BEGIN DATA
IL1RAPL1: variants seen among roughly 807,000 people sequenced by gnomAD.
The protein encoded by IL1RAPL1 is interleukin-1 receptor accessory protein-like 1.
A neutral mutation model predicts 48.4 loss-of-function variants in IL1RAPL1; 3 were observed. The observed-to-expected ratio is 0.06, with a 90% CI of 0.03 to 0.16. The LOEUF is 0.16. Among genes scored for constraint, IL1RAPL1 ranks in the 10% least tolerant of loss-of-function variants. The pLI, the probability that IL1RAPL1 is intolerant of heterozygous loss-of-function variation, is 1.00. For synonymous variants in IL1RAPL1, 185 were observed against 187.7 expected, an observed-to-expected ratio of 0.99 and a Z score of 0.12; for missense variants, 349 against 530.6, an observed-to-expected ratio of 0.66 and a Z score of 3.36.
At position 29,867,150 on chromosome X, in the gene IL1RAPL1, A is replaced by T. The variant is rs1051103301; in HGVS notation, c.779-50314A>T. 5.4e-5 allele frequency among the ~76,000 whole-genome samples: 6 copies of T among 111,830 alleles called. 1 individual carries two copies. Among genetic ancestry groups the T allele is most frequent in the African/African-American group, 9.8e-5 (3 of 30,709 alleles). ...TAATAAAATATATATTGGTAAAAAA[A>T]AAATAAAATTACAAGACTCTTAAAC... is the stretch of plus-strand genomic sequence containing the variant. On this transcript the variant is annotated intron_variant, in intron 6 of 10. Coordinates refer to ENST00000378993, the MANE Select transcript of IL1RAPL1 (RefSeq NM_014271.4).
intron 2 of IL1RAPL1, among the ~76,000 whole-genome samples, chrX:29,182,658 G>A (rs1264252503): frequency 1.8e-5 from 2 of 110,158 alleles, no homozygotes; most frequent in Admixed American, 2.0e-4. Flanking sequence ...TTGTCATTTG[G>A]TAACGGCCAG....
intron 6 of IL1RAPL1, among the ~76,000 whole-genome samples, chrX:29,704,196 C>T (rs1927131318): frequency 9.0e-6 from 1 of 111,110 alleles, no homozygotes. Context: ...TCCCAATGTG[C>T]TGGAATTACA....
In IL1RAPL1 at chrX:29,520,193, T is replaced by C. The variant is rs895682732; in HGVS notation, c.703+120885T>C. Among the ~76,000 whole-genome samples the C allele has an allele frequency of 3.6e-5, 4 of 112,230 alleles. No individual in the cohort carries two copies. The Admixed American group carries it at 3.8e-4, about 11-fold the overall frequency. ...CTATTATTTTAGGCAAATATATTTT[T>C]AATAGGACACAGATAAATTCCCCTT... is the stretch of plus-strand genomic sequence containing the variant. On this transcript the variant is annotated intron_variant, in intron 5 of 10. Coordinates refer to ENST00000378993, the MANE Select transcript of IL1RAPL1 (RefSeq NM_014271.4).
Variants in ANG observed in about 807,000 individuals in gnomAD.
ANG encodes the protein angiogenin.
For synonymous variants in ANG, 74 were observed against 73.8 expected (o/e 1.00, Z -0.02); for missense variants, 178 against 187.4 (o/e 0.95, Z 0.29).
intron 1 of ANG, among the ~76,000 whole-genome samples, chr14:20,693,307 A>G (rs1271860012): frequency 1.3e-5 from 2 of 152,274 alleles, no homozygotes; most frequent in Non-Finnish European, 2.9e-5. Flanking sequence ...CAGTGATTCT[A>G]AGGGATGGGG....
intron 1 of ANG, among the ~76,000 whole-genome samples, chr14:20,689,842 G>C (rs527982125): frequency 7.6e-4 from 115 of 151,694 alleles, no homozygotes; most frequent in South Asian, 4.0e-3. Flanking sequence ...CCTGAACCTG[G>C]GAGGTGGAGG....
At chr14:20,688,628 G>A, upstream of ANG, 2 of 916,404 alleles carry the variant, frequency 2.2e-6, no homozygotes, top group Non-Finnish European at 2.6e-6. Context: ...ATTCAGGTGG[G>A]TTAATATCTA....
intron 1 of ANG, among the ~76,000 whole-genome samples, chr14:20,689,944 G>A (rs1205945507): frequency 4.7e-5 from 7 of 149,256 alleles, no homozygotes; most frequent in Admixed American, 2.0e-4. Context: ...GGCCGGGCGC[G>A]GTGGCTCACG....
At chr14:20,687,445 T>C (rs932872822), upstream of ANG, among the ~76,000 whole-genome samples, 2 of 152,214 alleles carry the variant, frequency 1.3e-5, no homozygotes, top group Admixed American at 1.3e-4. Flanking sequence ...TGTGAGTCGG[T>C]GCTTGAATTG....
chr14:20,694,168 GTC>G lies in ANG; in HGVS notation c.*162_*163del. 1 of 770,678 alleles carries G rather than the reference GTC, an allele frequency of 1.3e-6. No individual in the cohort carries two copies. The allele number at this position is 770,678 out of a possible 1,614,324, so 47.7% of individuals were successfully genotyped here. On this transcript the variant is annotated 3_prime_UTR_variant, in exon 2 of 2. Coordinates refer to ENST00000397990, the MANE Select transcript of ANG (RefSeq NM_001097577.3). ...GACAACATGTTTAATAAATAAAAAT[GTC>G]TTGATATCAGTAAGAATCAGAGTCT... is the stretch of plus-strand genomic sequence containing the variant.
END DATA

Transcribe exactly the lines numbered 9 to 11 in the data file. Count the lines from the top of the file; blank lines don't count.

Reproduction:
ANG encodes the protein angiogenin.
For synonymous variants in ANG, 74 were observed against 73.8 expected (o/e 1.00, Z -0.02); for missense variants, 178 against 187.4 (o/e 0.95, Z 0.29).
intron 1 of ANG, among the ~76,000 whole-genome samples, chr14:20,693,307 A>G (rs1271860012): frequency 1.3e-5 from 2 of 152,274 alleles, no homozygotes; most frequent in Non-Finnish European, 2.9e-5. Flanking sequence ...CAGTGATTCT[A>G]AGGGATGGGG....